Duration of exposure to a case of smear positive tuberculosis and rates of positive whole-blood interferon gamma test and tuberculin skin testing
Abstract number: 1732_313
Lillie P., Thaker H., Anderson G., Cartlich K., Goodrick M., Meigh R., Barlow G., Newton A., Moss P.
Objective: Duration of exposure to tuberculosis (TB) is a major risk factor for transmission of the disease. Current WHO guidelines, based on transmission of TB on aeroplane flights, recommend an 8 hour period as a cut off for screening. However this was before the routine use of IFN-g assays. We compared Mantoux skin testing with QUANTIFERON-TB GOLD (QFN) in a hospital associated outbreak, stratifying patients by duration of contact.
Methods: Hospital contacts of the index case were screened in a sequential manner (close contacts sharing the same room for ≥8 hours, contacts on the same ward for ≥8 hours and contacts on ward <8 hours). Contacts were screened by TB specialist nurses with both Mantoux skin testing and QFN. A 15 mm cut off for reading Mantoux tests was used. Data on symptoms, duration of exposure and prior BCG vaccination were recorded.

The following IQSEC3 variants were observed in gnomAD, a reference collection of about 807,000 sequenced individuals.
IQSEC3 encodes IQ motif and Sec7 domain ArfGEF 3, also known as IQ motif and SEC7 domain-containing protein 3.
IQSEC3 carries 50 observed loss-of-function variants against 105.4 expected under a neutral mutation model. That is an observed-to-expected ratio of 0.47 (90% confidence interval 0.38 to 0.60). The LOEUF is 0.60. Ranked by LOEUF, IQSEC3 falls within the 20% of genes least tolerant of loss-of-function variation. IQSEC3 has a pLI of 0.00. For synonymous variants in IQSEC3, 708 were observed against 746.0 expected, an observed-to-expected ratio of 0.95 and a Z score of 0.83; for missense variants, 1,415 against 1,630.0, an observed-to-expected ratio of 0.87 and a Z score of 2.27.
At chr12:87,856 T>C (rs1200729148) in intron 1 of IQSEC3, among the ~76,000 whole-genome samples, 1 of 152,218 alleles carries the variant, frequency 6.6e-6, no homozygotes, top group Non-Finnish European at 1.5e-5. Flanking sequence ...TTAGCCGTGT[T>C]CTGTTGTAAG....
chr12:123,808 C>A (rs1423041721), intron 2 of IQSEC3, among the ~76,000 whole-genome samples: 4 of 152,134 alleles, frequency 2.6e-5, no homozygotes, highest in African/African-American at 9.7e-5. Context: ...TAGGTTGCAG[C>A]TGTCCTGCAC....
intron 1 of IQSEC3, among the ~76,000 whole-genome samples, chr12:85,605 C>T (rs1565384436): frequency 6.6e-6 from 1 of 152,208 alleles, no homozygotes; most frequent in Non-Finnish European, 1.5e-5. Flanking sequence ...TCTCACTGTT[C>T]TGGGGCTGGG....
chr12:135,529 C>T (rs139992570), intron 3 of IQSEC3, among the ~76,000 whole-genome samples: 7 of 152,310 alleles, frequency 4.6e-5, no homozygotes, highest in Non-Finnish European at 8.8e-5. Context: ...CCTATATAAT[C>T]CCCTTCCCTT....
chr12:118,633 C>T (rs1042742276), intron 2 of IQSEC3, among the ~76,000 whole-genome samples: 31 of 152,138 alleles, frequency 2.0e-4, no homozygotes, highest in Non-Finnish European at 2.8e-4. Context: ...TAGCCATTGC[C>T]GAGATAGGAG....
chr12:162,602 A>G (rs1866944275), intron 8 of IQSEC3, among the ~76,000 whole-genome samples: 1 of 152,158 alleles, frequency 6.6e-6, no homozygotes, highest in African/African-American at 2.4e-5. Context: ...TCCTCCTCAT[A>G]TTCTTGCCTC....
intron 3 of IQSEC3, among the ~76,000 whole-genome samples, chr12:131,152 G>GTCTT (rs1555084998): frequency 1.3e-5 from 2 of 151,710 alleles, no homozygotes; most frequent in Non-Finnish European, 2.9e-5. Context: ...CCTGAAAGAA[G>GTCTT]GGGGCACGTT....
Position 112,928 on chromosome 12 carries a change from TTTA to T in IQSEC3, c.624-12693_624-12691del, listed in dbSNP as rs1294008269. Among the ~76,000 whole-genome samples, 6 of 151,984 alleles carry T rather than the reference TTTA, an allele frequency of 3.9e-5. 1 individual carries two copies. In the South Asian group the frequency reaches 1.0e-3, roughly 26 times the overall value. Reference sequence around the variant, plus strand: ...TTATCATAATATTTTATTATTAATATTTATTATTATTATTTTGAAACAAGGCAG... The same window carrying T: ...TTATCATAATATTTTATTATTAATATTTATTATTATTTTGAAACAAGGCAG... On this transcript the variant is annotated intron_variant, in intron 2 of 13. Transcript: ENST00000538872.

Results: 36 contacts were referred for screening, of whom 29 were screened, 28 with both QFN and Mantoux. 20 patients had ≥8 hours exposure, with 8 (40%) having a positive QFN test compared with 3 (15%) a positive Mantoux test. Of the 9 patients with <8 hours exposure 1 (11.1%) had a positive QFN test, 2 (22.2%) having positive Mantoux tests. 60% of positive Mantoux tests were known to have had BCG vaccination, with 22.2% of QFN positive patients having had BCG.
Conclusion: QUANTIFERON-TB GOLD testing in a hospital associated outbreak of TB correlates well with ≥8 hour duration of exposure, in agreement with WHO guidelines. Bigger prospective studies, comparing IFN-g assays with Tuberculin skin testing, are needed to confirm this finding.
|Session name:||European Society of Clinical Microbiology and Infectious Diseases|
|Location:||ICC, Munich, Germany|
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